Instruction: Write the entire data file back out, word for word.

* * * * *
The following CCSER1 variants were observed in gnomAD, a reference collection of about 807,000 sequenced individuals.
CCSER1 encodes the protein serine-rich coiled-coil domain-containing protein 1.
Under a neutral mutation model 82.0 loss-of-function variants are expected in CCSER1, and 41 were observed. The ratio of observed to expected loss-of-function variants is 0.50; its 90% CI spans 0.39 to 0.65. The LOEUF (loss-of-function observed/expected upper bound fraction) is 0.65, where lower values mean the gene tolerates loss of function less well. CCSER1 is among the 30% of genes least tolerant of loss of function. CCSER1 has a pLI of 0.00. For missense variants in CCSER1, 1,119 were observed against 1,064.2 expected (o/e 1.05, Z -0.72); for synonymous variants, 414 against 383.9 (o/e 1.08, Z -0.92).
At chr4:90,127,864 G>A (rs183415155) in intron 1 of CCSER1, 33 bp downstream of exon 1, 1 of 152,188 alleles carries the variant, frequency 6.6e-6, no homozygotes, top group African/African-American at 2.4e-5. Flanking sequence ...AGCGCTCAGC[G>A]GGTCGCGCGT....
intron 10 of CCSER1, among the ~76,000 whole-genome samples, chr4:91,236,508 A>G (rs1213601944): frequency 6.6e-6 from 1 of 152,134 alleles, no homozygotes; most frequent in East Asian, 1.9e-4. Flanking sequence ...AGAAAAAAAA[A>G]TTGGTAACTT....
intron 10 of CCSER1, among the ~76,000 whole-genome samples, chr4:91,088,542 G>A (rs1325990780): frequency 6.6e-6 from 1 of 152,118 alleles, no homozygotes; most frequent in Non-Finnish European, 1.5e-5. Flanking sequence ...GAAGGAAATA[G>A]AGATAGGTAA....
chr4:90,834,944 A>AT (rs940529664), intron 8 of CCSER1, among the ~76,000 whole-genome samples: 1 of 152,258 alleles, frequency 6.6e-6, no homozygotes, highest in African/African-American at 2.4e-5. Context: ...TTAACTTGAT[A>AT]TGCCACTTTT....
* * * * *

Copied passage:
The following CCSER1 variants were observed in gnomAD, a reference collection of about 807,000 sequenced individuals.
CCSER1 encodes the protein serine-rich coiled-coil domain-containing protein 1.
Under a neutral mutation model 82.0 loss-of-function variants are expected in CCSER1, and 41 were observed. The ratio of observed to expected loss-of-function variants is 0.50; its 90% CI spans 0.39 to 0.65. The LOEUF (loss-of-function observed/expected upper bound fraction) is 0.65, where lower values mean the gene tolerates loss of function less well. CCSER1 is among the 30% of genes least tolerant of loss of function. CCSER1 has a pLI of 0.00. For missense variants in CCSER1, 1,119 were observed against 1,064.2 expected (o/e 1.05, Z -0.72); for synonymous variants, 414 against 383.9 (o/e 1.08, Z -0.92).
At chr4:90,127,864 G>A (rs183415155) in intron 1 of CCSER1, 33 bp downstream of exon 1, 1 of 152,188 alleles carries the variant, frequency 6.6e-6, no homozygotes, top group African/African-American at 2.4e-5. Flanking sequence ...AGCGCTCAGC[G>A]GGTCGCGCGT....
intron 10 of CCSER1, among the ~76,000 whole-genome samples, chr4:91,236,508 A>G (rs1213601944): frequency 6.6e-6 from 1 of 152,134 alleles, no homozygotes; most frequent in East Asian, 1.9e-4. Flanking sequence ...AGAAAAAAAA[A>G]TTGGTAACTT....
intron 10 of CCSER1, among the ~76,000 whole-genome samples, chr4:91,088,542 G>A (rs1325990780): frequency 6.6e-6 from 1 of 152,118 alleles, no homozygotes; most frequent in Non-Finnish European, 1.5e-5. Flanking sequence ...GAAGGAAATA[G>A]AGATAGGTAA....
chr4:90,834,944 A>AT (rs940529664), intron 8 of CCSER1, among the ~76,000 whole-genome samples: 1 of 152,258 alleles, frequency 6.6e-6, no homozygotes, highest in African/African-American at 2.4e-5. Context: ...TTAACTTGAT[A>AT]TGCCACTTTT....